Our study has several shortcomings. All of our volunteers were male. Our randomization technique required that we had to recruit volunteers in multiples of five because we had five techniques to compare. Most women were not comfortable with the perifemoral approach, wherein we use the inguinal crease in determining the site of our needle insertion. Although we only studied 10 volunteers, each volunteer underwent five injections, and we had a total of 50 nerve blocks. The clinical significance of our study as it pertains to surgical anesthesia may be questioned because saphenous nerve block is usually performed with ankle blocks; blockade of the superficial peroneal nerve may mask inadequate saphenous nerve blockade. We have seen inadequate sensory blockade of the medial aspect of the foot with ankle blocks performed for surgery of the foot. Knowledge of the anatomy, the success rates of the different techniques of saphenous nerve block, and the innervation and coinnervations of the medial aspect of the foot make it easier for anesthesiologists to decide which approach to use and which additional nerve to block to improve the sensory blockade in the area. In pain clinics, patients with saphenous neuralgia7 or saphenous nerve entrapment14 may be seen, and knowledge of the effective approach to saphenous nerve block will facilitate the diagnosis and treatment of these conditions.
In summary, we compared the different techniques of blocking the saphenous nerve. We confirmed the effectiveness of the nerve stimulator technique using the transsartorial approach without causing weakness of the hip flexors and leg extensor muscles. In some instances, supplementary block of the medial dorsal cutaneous branch of the superficial peroneal nerve may have to be performed to assure complete numbness of the medial aspect of the foot.
The authors thank Robert McCarthy, Ph.D. (Administrative Director of Research, Department of Anesthesiology, Northwestern University Feinberg School of Medicine, Chicago, Illinois), for his help with the figures, and Muhammad S. Iqbal, M.D., and Jonathan Hausman, M.D. (Attending Anesthesiologist, Cedars-Sinai Medical Center, Los Angeles, California), in the performance of the study.
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References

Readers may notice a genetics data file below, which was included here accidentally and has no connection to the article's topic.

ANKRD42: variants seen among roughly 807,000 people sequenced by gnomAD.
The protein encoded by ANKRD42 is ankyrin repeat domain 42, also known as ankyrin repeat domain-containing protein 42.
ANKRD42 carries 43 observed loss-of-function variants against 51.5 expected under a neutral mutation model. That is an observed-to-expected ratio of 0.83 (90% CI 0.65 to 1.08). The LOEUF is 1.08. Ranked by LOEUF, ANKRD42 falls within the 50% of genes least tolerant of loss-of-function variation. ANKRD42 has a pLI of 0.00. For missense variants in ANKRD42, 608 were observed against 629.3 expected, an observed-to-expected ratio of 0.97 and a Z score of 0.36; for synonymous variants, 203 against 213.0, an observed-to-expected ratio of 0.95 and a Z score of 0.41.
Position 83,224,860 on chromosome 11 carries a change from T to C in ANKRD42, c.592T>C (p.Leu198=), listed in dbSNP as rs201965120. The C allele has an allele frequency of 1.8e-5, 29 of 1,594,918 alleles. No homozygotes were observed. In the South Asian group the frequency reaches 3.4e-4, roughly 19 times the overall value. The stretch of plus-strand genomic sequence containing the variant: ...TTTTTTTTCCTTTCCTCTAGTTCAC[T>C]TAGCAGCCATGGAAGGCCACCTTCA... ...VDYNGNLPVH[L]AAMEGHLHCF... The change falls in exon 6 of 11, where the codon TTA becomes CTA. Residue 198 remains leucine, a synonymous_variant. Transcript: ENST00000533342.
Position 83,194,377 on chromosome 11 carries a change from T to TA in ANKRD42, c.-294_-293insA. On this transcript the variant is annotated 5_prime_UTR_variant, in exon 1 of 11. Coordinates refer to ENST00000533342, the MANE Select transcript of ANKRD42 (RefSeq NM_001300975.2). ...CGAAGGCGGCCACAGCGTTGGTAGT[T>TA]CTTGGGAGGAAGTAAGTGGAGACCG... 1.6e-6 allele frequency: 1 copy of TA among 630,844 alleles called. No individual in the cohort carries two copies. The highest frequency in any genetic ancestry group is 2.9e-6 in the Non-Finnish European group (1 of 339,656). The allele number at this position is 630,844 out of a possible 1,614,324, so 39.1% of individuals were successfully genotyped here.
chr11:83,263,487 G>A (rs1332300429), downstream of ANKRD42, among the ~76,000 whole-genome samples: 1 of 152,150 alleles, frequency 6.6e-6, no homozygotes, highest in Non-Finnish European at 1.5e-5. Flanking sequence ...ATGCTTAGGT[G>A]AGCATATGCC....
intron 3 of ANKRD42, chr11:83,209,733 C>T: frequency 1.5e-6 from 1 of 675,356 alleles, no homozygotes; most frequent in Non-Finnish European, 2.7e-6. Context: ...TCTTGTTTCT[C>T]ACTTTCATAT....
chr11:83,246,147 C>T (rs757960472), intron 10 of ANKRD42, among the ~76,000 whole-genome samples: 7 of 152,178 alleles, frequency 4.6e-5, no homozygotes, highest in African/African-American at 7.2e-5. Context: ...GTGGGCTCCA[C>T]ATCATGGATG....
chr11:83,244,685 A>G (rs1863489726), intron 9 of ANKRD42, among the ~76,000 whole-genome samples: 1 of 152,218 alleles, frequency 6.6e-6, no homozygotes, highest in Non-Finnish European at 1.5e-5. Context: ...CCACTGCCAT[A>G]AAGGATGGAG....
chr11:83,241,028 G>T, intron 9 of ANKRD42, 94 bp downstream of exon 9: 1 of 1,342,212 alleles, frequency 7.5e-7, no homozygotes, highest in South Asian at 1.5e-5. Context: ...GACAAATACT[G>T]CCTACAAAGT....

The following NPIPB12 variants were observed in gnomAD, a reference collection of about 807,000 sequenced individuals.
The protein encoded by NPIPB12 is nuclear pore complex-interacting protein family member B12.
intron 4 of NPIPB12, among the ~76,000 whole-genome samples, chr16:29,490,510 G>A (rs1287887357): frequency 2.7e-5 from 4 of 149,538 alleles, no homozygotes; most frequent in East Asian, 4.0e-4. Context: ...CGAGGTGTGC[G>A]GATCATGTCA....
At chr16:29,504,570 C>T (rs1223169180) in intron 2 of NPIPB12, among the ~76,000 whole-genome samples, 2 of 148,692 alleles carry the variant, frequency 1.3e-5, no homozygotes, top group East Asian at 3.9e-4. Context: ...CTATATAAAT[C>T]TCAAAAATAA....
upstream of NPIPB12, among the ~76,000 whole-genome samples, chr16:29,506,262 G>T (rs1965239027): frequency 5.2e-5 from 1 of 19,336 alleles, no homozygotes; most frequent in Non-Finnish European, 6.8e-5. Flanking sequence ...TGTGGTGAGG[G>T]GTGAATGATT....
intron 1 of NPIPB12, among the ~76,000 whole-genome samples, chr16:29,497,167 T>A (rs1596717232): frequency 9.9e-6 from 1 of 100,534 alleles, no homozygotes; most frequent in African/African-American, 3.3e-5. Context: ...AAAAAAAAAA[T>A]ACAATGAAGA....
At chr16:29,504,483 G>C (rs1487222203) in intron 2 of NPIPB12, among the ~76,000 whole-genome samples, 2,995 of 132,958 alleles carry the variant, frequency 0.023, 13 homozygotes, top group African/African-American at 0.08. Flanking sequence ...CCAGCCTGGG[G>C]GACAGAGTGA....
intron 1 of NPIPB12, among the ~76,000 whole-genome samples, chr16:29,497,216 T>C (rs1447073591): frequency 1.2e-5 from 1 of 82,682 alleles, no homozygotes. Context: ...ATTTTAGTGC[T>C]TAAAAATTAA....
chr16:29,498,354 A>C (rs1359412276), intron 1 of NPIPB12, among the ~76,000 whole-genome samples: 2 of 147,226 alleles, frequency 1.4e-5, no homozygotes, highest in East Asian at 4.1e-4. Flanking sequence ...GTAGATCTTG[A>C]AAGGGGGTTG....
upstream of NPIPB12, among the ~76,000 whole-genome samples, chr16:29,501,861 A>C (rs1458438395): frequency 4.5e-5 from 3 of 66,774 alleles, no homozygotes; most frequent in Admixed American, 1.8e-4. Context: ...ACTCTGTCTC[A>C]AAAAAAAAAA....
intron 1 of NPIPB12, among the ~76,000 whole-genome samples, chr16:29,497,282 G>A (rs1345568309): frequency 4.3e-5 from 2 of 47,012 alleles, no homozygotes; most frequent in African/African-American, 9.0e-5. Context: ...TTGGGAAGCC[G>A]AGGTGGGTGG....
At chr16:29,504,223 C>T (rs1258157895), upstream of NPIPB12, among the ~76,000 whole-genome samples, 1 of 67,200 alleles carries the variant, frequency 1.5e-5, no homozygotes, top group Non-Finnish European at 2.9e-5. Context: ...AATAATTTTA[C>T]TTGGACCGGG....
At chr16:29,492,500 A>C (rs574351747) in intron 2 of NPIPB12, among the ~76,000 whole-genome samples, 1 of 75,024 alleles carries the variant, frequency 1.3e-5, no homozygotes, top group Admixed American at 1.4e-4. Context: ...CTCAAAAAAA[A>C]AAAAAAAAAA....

1. Mansour NY: Sub-sartorial saphenous nerve block with the aid of a nerve stimulator (letter). Reg Anesth 1993; 18:266–8

2. Bouaziz H, Benhamou D, Narchi P: A new approach for saphenous nerve block (letter). Reg Anesth 1996; 21:490

3. Bouaziz H, Narchi P, Zetlaoui PJ, Paqueron X, Benhamou D: Lateral approach to the sciatic nerve at the popliteal fossa combined with saphenous nerve block. Tech Reg Anesth Pain Manag 1999; 3:19–22

4. Van der Wal M, Lang SA, Yip RW: Transsartorial approach for saphenous nerve block. Can J Anaesth 1993; 40:542–6

5. Bonica JJ: Regional analgesia with local anesthetics, The Management of Pain, 2nd edition. Philadelphia, Lea & Febiger, 1990, pp 1883–966

6. Katz J: Saphenous nerve, Atlas of Regional Anesthesia, 2nd edition. Norwalk, Appleton & Lange, 1994, pp 164–7

7. Comfort VK, Lang SA, Yip RW: Saphenous nerve anaesthesia: A nerve stimulator technique. Can J Anaesth 1996; 43:852–7

8. Bridenbaugh PO: The lower extremity: Somatic blockade, Neural blockade in Clinical Anesthesia and Management of Pain, 2nd edition. Edited by Cousins MJ, Bridenbaugh PO. New York, JB Lippincott, 1988, pp 417–41

9. Rogers JN, Ramamurthy S: Lower extremity blocks, Regional Anesthesia and Analgesia. Edited by Brown DL. Philadelphia, WB Saunders, 1996, pp 279–91

10. De Mey JC, Deruyck LJ, Cammu G, De Baerdemaeker LE, Mortier EP: A paravenous approach for the saphenous nerve block. Reg Anesth Pain Med 2001; 26:504–6

11. Kofoed H: Peripheral nerve blocks at the knee and ankle in operations for common foot disorders. Clin Orthop Rel Res 1982; 168:97–101

12. Ericksson E: The superficial peroneal nerve, the deep peroneal nerve and the saphenous nerve, Illustrated Handbook in Regional Anesthesia. Copenhagen, Denmark, AB Astra 1969, pp 110–1

13. Sarrafian SK: Nerves, Anatomy of the Foot and Ankle. Philadelphia, JB Lippincott, 1983, pp 313–32

14. Romanoff ME, Cory PC, Kalenak A, Keyser GC, Marshall WK: Saphenous nerve entrapment at the adductor canal. Am J Sport Med 1989; 17:478–81